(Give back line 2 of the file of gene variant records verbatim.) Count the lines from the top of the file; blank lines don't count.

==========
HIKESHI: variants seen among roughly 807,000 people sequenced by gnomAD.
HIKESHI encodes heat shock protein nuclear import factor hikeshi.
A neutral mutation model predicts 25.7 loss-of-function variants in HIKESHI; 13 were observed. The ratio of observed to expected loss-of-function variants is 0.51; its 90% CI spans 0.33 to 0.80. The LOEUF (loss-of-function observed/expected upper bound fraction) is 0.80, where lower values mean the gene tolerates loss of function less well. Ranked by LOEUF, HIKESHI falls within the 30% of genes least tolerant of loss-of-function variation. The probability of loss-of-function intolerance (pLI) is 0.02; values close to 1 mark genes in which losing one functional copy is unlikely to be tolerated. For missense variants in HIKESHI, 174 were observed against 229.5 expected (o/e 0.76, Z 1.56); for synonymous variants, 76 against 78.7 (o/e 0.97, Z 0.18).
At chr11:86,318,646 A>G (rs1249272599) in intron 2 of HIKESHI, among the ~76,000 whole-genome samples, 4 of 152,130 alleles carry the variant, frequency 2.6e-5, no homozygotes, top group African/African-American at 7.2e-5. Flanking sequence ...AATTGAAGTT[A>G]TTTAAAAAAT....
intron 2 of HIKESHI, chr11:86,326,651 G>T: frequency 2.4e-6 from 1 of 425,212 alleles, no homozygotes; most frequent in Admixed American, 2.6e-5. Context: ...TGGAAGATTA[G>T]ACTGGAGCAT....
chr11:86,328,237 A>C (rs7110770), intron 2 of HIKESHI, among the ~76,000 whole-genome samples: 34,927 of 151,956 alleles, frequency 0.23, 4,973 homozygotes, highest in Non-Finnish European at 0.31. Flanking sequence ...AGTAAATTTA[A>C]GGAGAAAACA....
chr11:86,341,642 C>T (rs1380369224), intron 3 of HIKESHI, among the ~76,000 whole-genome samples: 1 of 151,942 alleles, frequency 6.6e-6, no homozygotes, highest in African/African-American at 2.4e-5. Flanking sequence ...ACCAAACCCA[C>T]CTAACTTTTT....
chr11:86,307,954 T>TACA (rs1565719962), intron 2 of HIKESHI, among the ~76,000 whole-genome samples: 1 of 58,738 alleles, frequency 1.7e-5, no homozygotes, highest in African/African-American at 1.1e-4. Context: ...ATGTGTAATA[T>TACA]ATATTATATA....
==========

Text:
HIKESHI encodes heat shock protein nuclear import factor hikeshi.